A Topeka man accused of being involved in an interstate sex trafficking ring pleaded guilty Monday to one count of conspiracy.
Barry M. Johnson, 40, admitted to federal prosecutors that he helped run a Topeka-based prostitution business that operated in Kansas, Missouri and Nebraska.
According to Acting U.S. Attorney Tom Beall, Johnson recruited and groomed potential sex workers for the organization. He would tell the leader of the organization when he had a woman ready to work and the two would then negotiate payment arrangements.
The organization had, at times, as many as 20 women working as prostitutes. Some of those women were allowed to live in houses rented by 42-year-old Frank Boswell, Topeka, who prosecutors say was the leader of the operation.
Boswell and others involved in the trafficking ring used websites, social media and cell phones to advertise sexual services and keep track of prostitutes.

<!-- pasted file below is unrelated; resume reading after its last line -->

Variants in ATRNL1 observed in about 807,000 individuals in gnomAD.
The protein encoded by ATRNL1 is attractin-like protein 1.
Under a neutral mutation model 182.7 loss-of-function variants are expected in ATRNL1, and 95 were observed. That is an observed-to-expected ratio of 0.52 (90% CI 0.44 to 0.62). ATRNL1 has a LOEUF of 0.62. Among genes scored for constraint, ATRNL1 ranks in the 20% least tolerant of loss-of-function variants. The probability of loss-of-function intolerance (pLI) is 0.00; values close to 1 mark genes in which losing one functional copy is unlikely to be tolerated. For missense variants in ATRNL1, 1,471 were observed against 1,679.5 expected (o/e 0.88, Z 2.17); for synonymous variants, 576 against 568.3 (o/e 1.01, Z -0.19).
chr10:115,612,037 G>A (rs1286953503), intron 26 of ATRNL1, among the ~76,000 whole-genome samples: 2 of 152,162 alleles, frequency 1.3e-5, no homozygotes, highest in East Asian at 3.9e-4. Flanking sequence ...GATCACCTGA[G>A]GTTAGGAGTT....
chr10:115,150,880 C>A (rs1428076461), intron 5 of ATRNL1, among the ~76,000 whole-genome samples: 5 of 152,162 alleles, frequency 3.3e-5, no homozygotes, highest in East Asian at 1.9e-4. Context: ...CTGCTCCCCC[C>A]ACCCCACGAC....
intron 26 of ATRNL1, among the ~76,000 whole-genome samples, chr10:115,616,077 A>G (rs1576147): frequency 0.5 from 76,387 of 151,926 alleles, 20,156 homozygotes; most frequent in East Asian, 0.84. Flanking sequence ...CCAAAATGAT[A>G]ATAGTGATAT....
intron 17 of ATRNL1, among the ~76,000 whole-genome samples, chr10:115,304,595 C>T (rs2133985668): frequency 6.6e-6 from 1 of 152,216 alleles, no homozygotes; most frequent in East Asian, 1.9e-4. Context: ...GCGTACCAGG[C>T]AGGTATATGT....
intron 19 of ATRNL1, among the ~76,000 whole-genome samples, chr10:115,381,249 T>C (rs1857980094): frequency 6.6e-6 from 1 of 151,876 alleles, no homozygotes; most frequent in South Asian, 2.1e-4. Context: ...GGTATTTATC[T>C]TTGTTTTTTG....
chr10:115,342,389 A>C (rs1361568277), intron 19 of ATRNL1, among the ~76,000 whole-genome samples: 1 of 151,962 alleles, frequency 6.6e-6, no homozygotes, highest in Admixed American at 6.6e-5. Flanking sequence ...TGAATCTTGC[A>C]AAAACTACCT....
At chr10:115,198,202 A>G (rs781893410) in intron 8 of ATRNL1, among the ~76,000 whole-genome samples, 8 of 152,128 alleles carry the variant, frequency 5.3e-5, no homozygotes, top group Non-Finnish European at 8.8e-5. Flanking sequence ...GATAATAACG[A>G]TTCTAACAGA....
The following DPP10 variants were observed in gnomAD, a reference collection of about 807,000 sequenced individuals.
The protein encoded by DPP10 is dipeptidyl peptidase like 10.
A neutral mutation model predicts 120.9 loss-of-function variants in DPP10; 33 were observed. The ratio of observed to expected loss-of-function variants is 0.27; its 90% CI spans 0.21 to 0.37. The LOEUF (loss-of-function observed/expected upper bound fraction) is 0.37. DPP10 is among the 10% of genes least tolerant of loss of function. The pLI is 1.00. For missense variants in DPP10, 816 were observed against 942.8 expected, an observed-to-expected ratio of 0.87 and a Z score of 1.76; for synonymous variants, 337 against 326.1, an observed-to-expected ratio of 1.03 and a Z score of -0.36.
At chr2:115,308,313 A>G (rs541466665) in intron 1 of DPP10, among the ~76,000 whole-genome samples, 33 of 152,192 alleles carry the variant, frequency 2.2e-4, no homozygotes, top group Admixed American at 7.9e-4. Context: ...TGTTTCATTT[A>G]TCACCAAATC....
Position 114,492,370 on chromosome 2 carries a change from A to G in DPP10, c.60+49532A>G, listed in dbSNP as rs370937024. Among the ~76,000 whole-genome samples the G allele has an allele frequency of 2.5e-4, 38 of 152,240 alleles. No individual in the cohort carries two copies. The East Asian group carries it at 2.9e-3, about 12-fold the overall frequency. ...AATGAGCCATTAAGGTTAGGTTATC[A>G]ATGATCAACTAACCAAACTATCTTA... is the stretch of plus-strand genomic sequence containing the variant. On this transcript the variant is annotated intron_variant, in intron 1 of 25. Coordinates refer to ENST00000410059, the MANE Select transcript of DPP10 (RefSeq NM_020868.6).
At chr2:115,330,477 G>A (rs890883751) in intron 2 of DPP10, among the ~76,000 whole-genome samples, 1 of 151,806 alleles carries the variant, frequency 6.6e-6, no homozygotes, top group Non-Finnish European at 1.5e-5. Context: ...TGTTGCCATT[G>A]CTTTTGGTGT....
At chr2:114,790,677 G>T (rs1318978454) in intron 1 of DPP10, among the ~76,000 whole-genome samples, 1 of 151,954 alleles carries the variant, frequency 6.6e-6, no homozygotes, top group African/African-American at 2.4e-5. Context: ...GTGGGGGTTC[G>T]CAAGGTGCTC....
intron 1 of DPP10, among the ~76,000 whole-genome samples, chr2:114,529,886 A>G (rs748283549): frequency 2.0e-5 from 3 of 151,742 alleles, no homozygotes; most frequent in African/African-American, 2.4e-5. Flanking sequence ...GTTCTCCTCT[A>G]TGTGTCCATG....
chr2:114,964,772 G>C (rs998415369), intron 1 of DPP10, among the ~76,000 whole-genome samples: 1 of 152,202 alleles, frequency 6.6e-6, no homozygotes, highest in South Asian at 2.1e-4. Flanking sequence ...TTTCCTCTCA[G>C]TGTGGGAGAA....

Along with Johnson and Boswell, five other Topeka residents were indicted on sex trafficking charges in October 2015 after a federal investigation uncovered the multi-state operation.
Rachel Flenniken, 34, and 23-year-old Shannon Nelson – both of whom worked as prostitutes and managed other sex workers for Boswell – each pleaded guilty to conspiracy earlier this year and are awaiting sentencing.
Michaela Hekekia, 36, is accused of recruiting and training prostitutes, including at least one minor, will stand trial in January.
Sean P. Hall, 47, pleaded guilty to conspiracy in June and faces up to five years in prison. Prosecutors say Hall would help set up online ads and drive sex workers to and from meetings with clients. He helped manage a nightclub in Lawrence owned by Boswell.
Andre C. Rhoiney, 48, was also included in the indictment. He is accused of being an “enforcer” with the organization, tasked with keeping sex workers under control. No trial or sentencing dates for Rhoiney were mentioned in a news release sent Monday by Beall’s office.
Boswell is set to stand trial on January 3.
Johnson is scheduled for sentencing on February 6. Attorneys have agreed to a recommended sentence of 46 months in federal prison.